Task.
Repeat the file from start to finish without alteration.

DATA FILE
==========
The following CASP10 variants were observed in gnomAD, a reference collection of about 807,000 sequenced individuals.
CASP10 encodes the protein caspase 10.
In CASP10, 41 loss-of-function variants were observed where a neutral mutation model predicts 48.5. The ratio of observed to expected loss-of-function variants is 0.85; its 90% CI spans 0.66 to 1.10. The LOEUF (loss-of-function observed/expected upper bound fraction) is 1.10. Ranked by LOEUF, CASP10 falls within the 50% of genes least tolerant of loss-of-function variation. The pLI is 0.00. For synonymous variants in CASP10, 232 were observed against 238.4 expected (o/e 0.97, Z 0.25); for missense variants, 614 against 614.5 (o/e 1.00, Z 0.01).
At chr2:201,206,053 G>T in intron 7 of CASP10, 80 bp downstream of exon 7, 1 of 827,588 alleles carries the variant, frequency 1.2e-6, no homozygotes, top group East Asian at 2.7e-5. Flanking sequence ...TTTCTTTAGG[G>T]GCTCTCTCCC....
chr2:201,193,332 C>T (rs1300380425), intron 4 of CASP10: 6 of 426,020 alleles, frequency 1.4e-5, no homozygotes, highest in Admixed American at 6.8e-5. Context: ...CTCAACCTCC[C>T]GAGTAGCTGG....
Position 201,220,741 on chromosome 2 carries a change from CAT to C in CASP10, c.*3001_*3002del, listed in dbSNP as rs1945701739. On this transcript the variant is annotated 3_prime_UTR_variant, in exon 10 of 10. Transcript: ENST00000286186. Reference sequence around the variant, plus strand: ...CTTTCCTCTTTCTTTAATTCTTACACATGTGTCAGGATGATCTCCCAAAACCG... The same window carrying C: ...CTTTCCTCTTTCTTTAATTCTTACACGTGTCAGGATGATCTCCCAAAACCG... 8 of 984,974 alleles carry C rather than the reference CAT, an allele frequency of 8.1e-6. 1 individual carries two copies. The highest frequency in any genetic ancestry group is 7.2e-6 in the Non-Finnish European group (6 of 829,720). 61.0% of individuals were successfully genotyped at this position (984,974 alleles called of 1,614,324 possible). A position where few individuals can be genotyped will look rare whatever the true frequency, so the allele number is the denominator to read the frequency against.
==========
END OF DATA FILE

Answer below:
The following CASP10 variants were observed in gnomAD, a reference collection of about 807,000 sequenced individuals.
CASP10 encodes the protein caspase 10.
In CASP10, 41 loss-of-function variants were observed where a neutral mutation model predicts 48.5. The ratio of observed to expected loss-of-function variants is 0.85; its 90% CI spans 0.66 to 1.10. The LOEUF (loss-of-function observed/expected upper bound fraction) is 1.10. Ranked by LOEUF, CASP10 falls within the 50% of genes least tolerant of loss-of-function variation. The pLI is 0.00. For synonymous variants in CASP10, 232 were observed against 238.4 expected (o/e 0.97, Z 0.25); for missense variants, 614 against 614.5 (o/e 1.00, Z 0.01).
At chr2:201,206,053 G>T in intron 7 of CASP10, 80 bp downstream of exon 7, 1 of 827,588 alleles carries the variant, frequency 1.2e-6, no homozygotes, top group East Asian at 2.7e-5. Flanking sequence ...TTTCTTTAGG[G>T]GCTCTCTCCC....
chr2:201,193,332 C>T (rs1300380425), intron 4 of CASP10: 6 of 426,020 alleles, frequency 1.4e-5, no homozygotes, highest in Admixed American at 6.8e-5. Context: ...CTCAACCTCC[C>T]GAGTAGCTGG....
Position 201,220,741 on chromosome 2 carries a change from CAT to C in CASP10, c.*3001_*3002del, listed in dbSNP as rs1945701739. On this transcript the variant is annotated 3_prime_UTR_variant, in exon 10 of 10. Transcript: ENST00000286186. Reference sequence around the variant, plus strand: ...CTTTCCTCTTTCTTTAATTCTTACACATGTGTCAGGATGATCTCCCAAAACCG... The same window carrying C: ...CTTTCCTCTTTCTTTAATTCTTACACGTGTCAGGATGATCTCCCAAAACCG... 8 of 984,974 alleles carry C rather than the reference CAT, an allele frequency of 8.1e-6. 1 individual carries two copies. The highest frequency in any genetic ancestry group is 7.2e-6 in the Non-Finnish European group (6 of 829,720). 61.0% of individuals were successfully genotyped at this position (984,974 alleles called of 1,614,324 possible). A position where few individuals can be genotyped will look rare whatever the true frequency, so the allele number is the denominator to read the frequency against.